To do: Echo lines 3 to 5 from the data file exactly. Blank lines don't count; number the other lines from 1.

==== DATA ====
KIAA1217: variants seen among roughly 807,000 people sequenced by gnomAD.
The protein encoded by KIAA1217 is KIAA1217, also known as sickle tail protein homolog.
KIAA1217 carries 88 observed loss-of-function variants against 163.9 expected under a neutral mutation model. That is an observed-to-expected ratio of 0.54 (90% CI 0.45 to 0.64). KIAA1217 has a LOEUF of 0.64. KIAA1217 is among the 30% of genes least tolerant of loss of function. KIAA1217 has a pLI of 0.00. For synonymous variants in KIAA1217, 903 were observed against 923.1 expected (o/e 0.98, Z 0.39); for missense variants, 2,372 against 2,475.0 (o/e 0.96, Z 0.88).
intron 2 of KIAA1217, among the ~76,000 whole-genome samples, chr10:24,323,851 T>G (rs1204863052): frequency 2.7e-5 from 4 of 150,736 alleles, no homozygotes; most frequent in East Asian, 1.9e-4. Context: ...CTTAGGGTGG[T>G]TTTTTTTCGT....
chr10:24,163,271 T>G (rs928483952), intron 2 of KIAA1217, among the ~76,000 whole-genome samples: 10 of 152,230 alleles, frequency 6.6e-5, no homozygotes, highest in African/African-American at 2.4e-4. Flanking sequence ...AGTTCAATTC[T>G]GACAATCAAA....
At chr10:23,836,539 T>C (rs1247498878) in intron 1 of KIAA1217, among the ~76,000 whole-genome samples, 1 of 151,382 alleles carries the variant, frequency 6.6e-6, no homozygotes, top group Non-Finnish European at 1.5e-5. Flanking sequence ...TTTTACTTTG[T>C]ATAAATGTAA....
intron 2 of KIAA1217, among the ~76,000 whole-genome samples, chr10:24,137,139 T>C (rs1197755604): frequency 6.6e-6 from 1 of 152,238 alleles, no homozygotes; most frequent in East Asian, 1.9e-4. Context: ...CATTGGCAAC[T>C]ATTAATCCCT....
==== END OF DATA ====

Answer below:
KIAA1217 carries 88 observed loss-of-function variants against 163.9 expected under a neutral mutation model. That is an observed-to-expected ratio of 0.54 (90% CI 0.45 to 0.64). KIAA1217 has a LOEUF of 0.64. KIAA1217 is among the 30% of genes least tolerant of loss of function. KIAA1217 has a pLI of 0.00. For synonymous variants in KIAA1217, 903 were observed against 923.1 expected (o/e 0.98, Z 0.39); for missense variants, 2,372 against 2,475.0 (o/e 0.96, Z 0.88).
intron 2 of KIAA1217, among the ~76,000 whole-genome samples, chr10:24,323,851 T>G (rs1204863052): frequency 2.7e-5 from 4 of 150,736 alleles, no homozygotes; most frequent in East Asian, 1.9e-4. Context: ...CTTAGGGTGG[T>G]TTTTTTTCGT....
chr10:24,163,271 T>G (rs928483952), intron 2 of KIAA1217, among the ~76,000 whole-genome samples: 10 of 152,230 alleles, frequency 6.6e-5, no homozygotes, highest in African/African-American at 2.4e-4. Flanking sequence ...AGTTCAATTC[T>G]GACAATCAAA....